Nathan Vernon Madison, Editorial Board Member, Pulp Magazine Project

Once considered a lowbrow form of entertainment, pulp magazines went on to influence major contemporary filmmakers, such as John Carpenter. The Pulp Magazine Project’s editorial board member, Nathan Vernon Madison, talked to Toy Tales about the genre’s journey from guilty pleasure to respected art form.

What is the mandate of the Pulp Magazines Project?

Our mandate is to get these items out to as many people as possible. Through digitization, we made not just the stories but also the artwork and ads – the entire experience – available to everyone. People with personal interests, collectors, scholars and others can access the materials at no cost. 

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In what ways do you see the influence of pulp literature in today’s media?

I would say we see pulps’ influence everywhere in pop culture.

Pulp magazines carried a negative connotation when they were first published in the late 1890s. They were misrepresented as being a lowbrow form of media, particularly by the mainstream publishing industry. Pulps were printed on cheap pulpwood paper – that’s where they get their name – and cost a fraction of what general-interest magazines cost. Readers could buy a pulp magazine for about ten cents, whereas other magazines cost twenty-five cents and hardcover books cost two or three dollars. Each magazine included a number of stories in genres such as westerns, science fiction, fantasy, and space travel. As audiences grew for each genre, pulp magazine publishers responded by releasing issues dedicated to specific genres and creating magazines that were genre-specific: Amazing Stories and Astounding Stories dealt solely in science fiction, The Shadow and Doc Savage were hero-character pulps, Black Mask and Detective Fiction Weekly were dedicated solely to detective and crime stories. You even had Railroad Man’s Magazine which….you guessed it, was about men who work on railroads!

Many pulp-fiction writers also wrote the screenplays for movies of similar genres. It wasn’t uncommon to see a pulp writer contribute to motion pictures as well. Many writers were successfully selling the rights to their published stories to filmmakers to be produced into films.

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The artwork accompanying pulp stories was often fantastical. In your opinion, did that help or hurt pulp’s reputation with the general public?

In a lot of ways, it helped because new readers were attracted to the covers they saw on newsstands. The artwork solidified a fan base for the magazines. Many readers were very dedicated to specific illustrators and/or writers and had the expectation that the artwork reflected the fantastical stories printed within. Illustrator Frank R. Paul comes to mind; he was an exceptional and prolific science fiction pulp artist, who also worked in comics and provided, among others, the cover art for Marvel Comics #1 (1939), the first comic book produced by the company that would eventually become Marvel.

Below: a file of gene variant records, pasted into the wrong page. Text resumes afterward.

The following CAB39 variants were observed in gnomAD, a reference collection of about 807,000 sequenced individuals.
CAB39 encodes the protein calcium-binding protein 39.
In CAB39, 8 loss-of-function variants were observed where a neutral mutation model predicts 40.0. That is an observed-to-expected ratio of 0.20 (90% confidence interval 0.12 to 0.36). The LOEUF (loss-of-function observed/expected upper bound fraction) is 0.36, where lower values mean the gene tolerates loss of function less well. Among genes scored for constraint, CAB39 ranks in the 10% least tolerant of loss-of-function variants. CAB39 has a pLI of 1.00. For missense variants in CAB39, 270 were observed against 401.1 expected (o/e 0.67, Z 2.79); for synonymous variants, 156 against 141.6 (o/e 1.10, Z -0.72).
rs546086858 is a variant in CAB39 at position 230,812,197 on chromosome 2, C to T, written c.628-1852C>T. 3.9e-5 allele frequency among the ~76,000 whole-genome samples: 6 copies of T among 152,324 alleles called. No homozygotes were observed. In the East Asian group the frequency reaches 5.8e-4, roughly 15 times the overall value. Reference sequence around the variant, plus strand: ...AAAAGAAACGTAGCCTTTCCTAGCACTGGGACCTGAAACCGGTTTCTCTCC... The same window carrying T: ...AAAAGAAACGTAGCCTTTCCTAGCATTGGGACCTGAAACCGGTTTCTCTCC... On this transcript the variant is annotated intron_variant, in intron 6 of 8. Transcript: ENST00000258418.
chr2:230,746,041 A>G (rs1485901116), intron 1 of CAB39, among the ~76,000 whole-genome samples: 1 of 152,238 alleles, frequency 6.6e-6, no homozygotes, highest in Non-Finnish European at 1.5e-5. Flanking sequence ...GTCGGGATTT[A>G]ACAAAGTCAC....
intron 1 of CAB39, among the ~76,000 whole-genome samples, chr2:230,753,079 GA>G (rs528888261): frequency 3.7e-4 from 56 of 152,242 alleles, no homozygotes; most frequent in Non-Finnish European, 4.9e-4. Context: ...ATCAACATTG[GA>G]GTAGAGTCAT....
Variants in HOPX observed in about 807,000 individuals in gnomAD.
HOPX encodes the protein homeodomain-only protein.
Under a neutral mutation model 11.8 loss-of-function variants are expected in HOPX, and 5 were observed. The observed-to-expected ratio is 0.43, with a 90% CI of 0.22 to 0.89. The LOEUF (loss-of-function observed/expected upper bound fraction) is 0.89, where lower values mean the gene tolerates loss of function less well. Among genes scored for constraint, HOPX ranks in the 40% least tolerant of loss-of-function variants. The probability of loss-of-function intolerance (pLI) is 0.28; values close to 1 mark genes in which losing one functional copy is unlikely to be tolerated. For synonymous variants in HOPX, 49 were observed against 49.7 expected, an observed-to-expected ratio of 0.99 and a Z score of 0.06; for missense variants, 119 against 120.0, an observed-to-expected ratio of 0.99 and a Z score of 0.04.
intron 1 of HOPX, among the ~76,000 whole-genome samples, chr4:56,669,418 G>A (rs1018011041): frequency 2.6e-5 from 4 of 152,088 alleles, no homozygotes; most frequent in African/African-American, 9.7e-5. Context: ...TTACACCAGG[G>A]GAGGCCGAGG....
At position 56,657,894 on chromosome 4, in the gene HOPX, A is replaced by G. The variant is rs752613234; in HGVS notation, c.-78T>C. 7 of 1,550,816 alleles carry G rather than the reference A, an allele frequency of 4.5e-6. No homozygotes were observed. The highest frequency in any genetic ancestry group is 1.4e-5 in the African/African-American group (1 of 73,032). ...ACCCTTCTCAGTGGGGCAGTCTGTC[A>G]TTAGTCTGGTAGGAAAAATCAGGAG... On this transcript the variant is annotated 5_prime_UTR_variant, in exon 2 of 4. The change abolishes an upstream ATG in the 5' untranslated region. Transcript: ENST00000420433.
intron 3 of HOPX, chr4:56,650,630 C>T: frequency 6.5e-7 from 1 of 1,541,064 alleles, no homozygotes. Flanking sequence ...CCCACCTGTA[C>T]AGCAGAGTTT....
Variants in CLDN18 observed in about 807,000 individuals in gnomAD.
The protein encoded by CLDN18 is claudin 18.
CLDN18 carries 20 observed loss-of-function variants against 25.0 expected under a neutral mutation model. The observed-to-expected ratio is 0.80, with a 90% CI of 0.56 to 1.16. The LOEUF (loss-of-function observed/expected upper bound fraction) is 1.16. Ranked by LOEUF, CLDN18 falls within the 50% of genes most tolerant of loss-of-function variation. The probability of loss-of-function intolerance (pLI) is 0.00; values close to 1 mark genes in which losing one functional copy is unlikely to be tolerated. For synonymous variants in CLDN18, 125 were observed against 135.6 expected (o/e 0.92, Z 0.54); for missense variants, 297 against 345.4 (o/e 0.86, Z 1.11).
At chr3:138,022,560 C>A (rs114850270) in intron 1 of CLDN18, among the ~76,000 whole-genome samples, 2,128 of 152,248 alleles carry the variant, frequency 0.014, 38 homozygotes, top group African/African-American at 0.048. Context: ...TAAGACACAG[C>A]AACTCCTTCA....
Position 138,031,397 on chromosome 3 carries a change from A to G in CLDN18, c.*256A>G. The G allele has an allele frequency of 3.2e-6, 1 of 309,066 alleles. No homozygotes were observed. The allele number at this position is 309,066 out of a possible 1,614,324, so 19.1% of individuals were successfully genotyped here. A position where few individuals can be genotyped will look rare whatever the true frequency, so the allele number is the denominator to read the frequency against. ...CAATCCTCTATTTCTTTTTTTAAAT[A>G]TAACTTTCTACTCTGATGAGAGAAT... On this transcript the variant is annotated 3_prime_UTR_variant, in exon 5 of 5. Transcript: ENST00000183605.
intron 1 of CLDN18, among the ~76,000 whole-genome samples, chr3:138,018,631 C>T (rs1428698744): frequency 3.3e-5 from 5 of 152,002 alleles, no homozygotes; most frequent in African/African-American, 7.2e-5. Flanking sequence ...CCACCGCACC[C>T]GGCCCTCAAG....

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How do pulp magazines reflect the times in which they were created?

Pulp magazines reflected both the bad and good aspects of their times. On one hand, pulp (like many other form of media) perpetuated harmful stereotypes. Fu Manchu is a good example of that. On the other hand, pulps explored innovation in interesting ways and broached topics of social and political significance that other media just wasn’t acknowledging.

Pulps played an important role in literacy, also. As more people had access to education and the literacy rate improved, individuals spent more leisure time reading. They could buy a Charles Dickens novel for a few dollars or they could read seven or eight stories in a pulp magazine for a fraction of that cost. It nurtured a love of reading.

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For individuals who want to immerse themselves in pulp literature, where do you suggest they begin?

The Books & Essays section of our website has links to works by scholars in this field; it’s a great way to read more about the history of pulp magazines. I’d recommend people start with their own interests because many of today’s writers are influenced by pulp fiction. Filmmaker John Carpenter based his movie The Thing on a story called Who Goes There? by John W. Campbell, Jr. published in Astounding Science Fiction magazine. Many of the popular Spaghetti Westerns that sprung up in the 1960s have roots in pulp stories, as do some of the silent films of the 1920s.

 In a lot of ways, if you have any interest in pop literature, you already have an interest in pulp stories; you just haven’t discovered them yet.

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Learn more about The Pulp Magazine Project on their website.